Edward S. Shapiro, Jaime Benson, Nathan Clemens, and Karen L. Gischlar
The assessment of academic skills is an essential and critical component of the life of all schools. Like the assessment of other areas of functioning, assessment of academic skills needs to include multiple methods, multiple modalities, and multiple perspectives to obtain a comprehensive understanding of the nature of the problem. The process of assessment needs to cut across the range of direct and indirect approaches in order to capture a complete viewpoint of the academic skill problems that the student is experiencing. Included in the chapter are brief reviews of direct assessment methods built on observation, curriculum-based assessment, normative or criterion-referenced standardized tests, permanent product or portfolio review, as well as indirect methods built upon rating scales and interviews with teachers and students.
Academic Interventions: What School Psychologists Need to Know for Their Assessment and Problem Solving Consultation Roles
Virginia W. Berninger, Michel Fayol, and Nicole Alston–Abel
This chapter provides an overview of critical concepts about academic interventions that school psychologists can apply in their assessment (prevention and diagnosis) and problem solving consultation roles. Topics covered include (a) general principles from research on reading, writing, math, and science instruction and learning; (b) home–school relationships; and (c) issues of diversity, motivation, and interpersonal relationships. School psychologists are encouraged to read widely and deeply the research literature on academic instruction and learning, to which many disciplines have contributed. School psychologists are also encouraged to practice and master the artful transformation of that research knowledge to the individual case at hand within a specific social context, including the family, classroom, school, community, and culture.
Maureen A. McCarthy, Dana S. Dunn, Jane S. Halonen, and Suzanne C. Baker
The authors provide a rationale for academic program reviews (APRs), highlighting their role in improving teaching, learning, and program quality in psychology departments. Following a brief history of accreditation in higher education, they introduce the purpose and scope of quality benchmarking in psychology program. Specific guidelines for organizing an APR for a psychology department include writing and organizing a self-study document, selecting an external reviewer(s) to lead the program evaluation, and planning for and scheduling activities for a reviewer’s visit. The essay concludes by considering the future of the APR in psychology education, especially at the undergraduate level.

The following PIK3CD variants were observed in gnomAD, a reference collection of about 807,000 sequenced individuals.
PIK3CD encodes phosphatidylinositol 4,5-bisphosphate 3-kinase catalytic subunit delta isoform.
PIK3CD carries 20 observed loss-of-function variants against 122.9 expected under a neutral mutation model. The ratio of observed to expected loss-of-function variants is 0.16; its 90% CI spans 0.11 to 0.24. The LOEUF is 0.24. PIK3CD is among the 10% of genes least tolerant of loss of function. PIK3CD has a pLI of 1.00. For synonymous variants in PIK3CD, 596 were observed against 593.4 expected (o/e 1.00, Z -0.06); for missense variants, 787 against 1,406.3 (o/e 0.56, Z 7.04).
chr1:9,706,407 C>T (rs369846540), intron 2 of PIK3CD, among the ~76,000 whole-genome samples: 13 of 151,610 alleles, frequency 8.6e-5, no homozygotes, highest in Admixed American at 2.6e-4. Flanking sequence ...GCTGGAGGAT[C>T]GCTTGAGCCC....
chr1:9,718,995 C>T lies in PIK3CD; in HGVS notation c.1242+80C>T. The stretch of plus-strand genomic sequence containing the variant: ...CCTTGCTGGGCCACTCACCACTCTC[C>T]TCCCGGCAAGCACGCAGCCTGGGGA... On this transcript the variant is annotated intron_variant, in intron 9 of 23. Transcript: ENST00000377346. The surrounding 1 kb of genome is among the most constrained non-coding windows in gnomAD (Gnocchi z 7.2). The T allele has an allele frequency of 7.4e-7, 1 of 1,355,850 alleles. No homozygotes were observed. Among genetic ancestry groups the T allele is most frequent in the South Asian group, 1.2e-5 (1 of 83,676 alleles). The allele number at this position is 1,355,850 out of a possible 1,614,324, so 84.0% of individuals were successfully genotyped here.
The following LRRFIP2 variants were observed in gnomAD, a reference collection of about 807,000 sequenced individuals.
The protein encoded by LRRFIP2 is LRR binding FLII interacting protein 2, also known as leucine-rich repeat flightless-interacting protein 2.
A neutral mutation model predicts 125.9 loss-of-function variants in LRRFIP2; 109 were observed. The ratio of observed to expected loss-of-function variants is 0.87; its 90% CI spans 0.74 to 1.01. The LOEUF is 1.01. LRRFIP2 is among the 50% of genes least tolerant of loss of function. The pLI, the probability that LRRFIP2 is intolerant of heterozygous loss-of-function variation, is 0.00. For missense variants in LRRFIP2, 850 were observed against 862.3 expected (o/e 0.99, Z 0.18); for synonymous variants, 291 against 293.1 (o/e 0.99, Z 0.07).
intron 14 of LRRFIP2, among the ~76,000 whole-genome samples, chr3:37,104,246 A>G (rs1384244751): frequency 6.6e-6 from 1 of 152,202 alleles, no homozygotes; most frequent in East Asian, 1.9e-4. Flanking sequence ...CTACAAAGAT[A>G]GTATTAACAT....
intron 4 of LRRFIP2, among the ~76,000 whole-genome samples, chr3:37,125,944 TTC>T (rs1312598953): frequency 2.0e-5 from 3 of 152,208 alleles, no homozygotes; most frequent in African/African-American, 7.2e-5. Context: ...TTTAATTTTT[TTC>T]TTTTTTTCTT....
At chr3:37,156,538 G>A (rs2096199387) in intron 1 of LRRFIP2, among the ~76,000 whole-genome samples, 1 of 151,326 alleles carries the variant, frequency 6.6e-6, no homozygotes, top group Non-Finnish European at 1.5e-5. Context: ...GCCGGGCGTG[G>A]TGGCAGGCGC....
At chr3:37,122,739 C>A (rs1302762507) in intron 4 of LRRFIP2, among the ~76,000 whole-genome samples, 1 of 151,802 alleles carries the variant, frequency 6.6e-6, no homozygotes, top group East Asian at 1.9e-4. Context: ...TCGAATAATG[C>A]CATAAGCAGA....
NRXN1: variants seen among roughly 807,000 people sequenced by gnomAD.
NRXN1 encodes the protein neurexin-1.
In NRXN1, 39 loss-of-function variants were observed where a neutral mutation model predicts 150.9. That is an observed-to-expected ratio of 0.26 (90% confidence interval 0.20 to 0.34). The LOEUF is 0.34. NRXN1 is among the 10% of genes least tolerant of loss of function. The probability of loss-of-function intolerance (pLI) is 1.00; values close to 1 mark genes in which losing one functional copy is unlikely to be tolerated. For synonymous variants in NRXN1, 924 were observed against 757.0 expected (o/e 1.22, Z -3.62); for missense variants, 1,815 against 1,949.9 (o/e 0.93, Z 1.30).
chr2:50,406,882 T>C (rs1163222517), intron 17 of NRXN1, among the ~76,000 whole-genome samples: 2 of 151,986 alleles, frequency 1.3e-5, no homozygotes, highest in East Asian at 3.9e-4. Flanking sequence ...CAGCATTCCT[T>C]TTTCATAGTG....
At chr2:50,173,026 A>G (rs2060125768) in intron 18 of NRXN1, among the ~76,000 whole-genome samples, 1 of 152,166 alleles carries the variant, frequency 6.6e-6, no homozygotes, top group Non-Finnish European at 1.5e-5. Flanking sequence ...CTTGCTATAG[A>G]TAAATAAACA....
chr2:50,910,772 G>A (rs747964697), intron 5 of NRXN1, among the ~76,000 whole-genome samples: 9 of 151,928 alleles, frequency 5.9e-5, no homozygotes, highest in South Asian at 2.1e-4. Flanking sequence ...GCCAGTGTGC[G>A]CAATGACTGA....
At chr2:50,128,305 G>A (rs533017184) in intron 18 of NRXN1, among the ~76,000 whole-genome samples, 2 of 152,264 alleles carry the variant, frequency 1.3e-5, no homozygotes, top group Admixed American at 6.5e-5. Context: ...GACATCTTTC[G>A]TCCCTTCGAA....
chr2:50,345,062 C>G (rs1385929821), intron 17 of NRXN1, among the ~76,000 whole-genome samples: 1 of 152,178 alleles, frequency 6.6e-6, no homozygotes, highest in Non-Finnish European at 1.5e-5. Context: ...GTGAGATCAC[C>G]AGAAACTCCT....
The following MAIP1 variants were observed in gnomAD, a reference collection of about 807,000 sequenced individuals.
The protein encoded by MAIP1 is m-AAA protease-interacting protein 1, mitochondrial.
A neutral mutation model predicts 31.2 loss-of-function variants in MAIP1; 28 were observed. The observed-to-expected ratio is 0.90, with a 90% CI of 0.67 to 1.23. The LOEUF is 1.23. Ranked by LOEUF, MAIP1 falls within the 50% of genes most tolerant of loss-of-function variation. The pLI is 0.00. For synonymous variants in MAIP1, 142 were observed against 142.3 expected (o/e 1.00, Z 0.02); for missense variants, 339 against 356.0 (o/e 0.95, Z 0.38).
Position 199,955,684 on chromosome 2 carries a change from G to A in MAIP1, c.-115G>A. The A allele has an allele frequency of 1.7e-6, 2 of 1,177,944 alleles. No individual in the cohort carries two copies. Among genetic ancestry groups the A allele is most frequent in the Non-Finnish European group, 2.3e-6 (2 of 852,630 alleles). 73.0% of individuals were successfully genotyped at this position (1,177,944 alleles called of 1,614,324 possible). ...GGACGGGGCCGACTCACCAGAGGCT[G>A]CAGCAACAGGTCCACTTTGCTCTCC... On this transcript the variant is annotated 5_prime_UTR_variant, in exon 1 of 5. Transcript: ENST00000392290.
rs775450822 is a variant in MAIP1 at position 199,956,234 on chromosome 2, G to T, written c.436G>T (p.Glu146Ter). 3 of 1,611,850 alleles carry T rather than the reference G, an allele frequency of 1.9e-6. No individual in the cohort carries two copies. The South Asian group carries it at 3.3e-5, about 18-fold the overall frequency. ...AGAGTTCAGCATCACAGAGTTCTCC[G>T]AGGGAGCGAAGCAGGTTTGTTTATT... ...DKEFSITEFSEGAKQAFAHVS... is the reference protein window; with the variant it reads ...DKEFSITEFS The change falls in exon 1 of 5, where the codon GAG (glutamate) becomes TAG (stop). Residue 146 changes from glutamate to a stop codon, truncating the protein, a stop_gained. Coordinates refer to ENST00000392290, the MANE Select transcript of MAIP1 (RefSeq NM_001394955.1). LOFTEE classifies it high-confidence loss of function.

Elaine Clark and Janiece L. Pompa
Current neuroscience research suggests that with appropriate interventions of sufficient duration and frequency, struggling readers can access quicker, more efficient neurologic pathways for reading. Some research has indicated, however, that effective remediation may require 90 minutes of daily direct instruction in reading, for one to three years, before permanent structural changes in the brain are seen. In this chapter, the application of neuroscience research to reading interventions is discussed. Components of effective remedial reading interventions are reviewed, with examples given of research-supported Tier 3 and Tier 4 instructional programs. The authors raise questions, however, about the sufficiency of RTI methods alone to identify students with specific learning disabilities, and design interventions that can effectively meet their educational needs.
Kathleen S. Arnos and Arti Pandya
Genetic factors are believed to account for more than half of all cases of congenital or early-onset moderate to profound deafness. The identification of several dozen genes for deafness, one of which accounts for a high proportion of all childhood deafness, has enabled the identification of the exact cause of deafness in many children through genetic testing. Parents, family members, deaf and hard-of-hearing adults, as well as health care and educational professionals often are unaware of the exact process and goals of genetic evaluation and may have questions about the usefulness of genetic testing. Sensitive and appropriate genetic evaluation and testing, coupled with appropriate interpretation and information through genetic counseling, can be invaluable to many families. Health professionals and those who work with deaf children in educational and service settings play an important role in helping parents and family members understand the value of a genetic evaluation and making referrals to genetics professionals.
Suzanne C. Baker and Catherine L. Franssen